US1332155A - Method of welding - Google Patents

Method of welding Download PDF

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US1332155A
US1332155A US28099319A US1332155A US 1332155 A US1332155 A US 1332155A US 28099319 A US28099319 A US 28099319A US 1332155 A US1332155 A US 1332155A
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current
bodies
contact
welding
wire
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Vincent G Apple
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Vincent G Apple
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    • BPERFORMING OPERATIONS; TRANSPORTING
    • B23MACHINE TOOLS; METAL-WORKING NOT OTHERWISE PROVIDED FOR
    • B23KSOLDERING OR UNSOLDERING; WELDING; CLADDING OR PLATING BY SOLDERING OR WELDING; CUTTING BY APPLYING HEAT LOCALLY, e.g. FLAME CUTTING; WORKING BY LASER BEAM
    • B23K11/00Resistance welding; Severing by resistance heating
    • B23K11/04Flash butt welding
    • B23K11/043Flash butt welding characterised by the electric circuits used therewith

Description

V. G. APPLE.
METHOD OF WELDING.
APPLICATION FILED MAR. a. 1919.
Patented Feb. 24, 1920.
602$ Raise-;
VINCENT G. APPLE, OF DAYTON, OHIG.
METHOD or WELDING.
Specification of Letters Patent. PatentedFeb, 24, 1920.
Application filed March 6, 1919. Serial No. 280,993.
To all whom it may concern:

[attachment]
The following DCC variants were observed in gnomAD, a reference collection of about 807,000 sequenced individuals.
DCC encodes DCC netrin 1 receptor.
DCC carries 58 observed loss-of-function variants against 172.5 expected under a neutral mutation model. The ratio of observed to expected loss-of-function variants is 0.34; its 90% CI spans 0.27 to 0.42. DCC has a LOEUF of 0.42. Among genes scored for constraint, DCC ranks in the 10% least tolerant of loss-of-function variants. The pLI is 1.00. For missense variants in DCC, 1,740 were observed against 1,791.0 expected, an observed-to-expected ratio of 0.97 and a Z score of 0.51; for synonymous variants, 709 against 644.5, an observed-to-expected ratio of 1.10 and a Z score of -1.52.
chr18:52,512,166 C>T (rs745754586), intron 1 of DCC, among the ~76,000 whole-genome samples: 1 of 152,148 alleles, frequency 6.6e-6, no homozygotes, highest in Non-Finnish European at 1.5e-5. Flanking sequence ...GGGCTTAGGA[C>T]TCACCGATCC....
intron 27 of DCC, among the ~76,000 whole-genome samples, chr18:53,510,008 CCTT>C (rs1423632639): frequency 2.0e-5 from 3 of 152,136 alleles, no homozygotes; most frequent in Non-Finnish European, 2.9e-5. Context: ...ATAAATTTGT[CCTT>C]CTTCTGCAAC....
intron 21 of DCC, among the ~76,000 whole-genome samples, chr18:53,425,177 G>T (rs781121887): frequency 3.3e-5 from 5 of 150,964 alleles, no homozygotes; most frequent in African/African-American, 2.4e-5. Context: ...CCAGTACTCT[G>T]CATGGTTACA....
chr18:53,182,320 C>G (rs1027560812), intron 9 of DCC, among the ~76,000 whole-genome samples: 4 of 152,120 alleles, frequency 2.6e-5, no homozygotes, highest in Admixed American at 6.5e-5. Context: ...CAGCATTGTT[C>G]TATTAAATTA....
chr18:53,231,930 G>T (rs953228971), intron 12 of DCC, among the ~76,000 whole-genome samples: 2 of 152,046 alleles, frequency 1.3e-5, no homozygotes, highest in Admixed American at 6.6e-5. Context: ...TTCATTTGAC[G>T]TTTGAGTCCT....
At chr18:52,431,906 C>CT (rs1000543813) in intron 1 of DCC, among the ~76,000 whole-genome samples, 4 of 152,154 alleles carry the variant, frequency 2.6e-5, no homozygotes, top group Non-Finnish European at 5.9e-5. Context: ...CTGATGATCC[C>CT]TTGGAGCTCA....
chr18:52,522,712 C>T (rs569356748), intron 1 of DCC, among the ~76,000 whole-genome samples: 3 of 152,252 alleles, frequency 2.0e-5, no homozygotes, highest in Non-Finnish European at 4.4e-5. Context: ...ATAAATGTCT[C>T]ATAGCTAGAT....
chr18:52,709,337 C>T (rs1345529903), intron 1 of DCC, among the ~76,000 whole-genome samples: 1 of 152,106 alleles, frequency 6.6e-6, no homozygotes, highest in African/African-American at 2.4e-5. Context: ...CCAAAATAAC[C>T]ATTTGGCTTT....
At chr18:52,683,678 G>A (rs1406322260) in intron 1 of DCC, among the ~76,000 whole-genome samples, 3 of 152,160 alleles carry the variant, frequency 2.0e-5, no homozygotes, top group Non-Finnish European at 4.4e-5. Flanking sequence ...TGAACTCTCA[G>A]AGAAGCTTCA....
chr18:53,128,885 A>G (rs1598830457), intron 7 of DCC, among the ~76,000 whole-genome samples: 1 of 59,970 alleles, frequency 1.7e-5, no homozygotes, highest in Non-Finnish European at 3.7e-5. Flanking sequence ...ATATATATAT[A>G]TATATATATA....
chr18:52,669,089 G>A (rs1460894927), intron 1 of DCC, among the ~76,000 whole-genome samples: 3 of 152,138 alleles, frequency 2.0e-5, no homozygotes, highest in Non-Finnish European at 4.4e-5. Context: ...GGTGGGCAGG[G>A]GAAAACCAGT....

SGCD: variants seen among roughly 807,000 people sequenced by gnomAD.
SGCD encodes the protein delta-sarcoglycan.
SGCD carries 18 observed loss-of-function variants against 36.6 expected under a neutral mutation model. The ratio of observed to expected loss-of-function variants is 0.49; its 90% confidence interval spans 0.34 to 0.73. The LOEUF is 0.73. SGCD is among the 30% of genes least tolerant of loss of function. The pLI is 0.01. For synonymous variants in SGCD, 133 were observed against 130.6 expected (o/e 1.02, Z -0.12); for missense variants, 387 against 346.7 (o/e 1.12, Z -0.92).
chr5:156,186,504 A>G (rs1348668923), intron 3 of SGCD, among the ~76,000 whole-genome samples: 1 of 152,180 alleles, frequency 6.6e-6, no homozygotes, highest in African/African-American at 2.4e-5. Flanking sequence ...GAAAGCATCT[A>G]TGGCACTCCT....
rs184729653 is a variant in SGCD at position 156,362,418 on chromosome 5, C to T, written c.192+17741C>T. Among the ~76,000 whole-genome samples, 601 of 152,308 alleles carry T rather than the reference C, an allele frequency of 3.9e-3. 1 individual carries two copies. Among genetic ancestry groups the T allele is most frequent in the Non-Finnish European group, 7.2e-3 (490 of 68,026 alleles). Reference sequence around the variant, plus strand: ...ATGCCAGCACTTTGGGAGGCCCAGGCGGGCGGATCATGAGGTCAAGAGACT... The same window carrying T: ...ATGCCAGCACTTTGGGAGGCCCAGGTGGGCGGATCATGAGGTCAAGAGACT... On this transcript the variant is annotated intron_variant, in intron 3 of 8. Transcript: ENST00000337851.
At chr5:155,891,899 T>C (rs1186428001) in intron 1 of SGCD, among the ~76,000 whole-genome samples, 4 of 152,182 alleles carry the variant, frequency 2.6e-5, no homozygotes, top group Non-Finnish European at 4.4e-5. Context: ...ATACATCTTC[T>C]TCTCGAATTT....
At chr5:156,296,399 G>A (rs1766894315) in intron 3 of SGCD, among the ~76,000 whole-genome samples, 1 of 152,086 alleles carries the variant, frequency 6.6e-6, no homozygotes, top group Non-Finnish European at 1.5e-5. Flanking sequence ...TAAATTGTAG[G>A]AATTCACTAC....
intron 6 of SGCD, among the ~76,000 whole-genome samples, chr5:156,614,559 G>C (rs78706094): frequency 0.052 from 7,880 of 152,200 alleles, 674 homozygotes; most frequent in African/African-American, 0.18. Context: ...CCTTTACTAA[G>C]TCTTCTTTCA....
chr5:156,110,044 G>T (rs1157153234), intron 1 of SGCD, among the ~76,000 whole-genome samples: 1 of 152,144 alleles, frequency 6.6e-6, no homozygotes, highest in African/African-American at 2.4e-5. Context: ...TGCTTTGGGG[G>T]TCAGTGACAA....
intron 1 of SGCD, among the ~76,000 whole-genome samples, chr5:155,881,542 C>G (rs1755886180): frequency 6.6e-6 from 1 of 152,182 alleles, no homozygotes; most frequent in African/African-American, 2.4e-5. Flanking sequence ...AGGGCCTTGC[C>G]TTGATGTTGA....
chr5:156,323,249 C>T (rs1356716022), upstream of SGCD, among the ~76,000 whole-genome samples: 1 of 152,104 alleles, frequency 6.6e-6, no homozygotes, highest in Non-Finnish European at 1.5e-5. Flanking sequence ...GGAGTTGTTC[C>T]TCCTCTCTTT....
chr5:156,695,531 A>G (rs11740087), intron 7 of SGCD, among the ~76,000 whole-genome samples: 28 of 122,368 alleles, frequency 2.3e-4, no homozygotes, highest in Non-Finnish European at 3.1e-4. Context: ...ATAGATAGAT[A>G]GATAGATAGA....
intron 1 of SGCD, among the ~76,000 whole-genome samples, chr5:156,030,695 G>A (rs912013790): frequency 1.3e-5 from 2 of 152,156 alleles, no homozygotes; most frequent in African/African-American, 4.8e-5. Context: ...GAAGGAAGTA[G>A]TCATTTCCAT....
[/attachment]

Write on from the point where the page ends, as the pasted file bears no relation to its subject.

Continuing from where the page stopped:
Be it known that I, VINCENT G. APPLE, a citizen of the United States, residing at Dayton, in the county of Montgomery and State 'of Ohio, have invented certain new and useful Improvements in Methods of Welding, of. which the following is a specification. 4
One of the objects of my invention is to provide a method of welding objects together and it has especial reference to the art of welding together objects that vary largely in weight and dimensions with respect to'each other.
By other methods of welding, with which I am familiar, when it is desired'to weld one object which is much larger than the ob- 'ect to which it is to be welded, somemeans has heretofore been required to preheat the larger object to near the welding point before the smaller object is heated. This results in a useless waste of time and energy.
In carrying out my mode of procedure, the heat applied to the larger object is -local-' ized and the weld union is accomplished before, in point of time, the larger object can conduct the applied heat away from the part to which the smaller object is to be united. I accomplish this result byionizing the space between the electrodes, consti tuting the parts to be welded together, by connecting both objects to a circuit that is opened only by their separation and I then spring an are between the electrodes, resulting from the abrupt discharge of a highly inductive circuit to which both ofthe objects are also connected and before the localized heat in the larger body, produced by the current impact, qan be conducted away, the bodies are automatically brought. together with suflicient efl'ect to produce the required mechanical pressure forcompleting the welded union.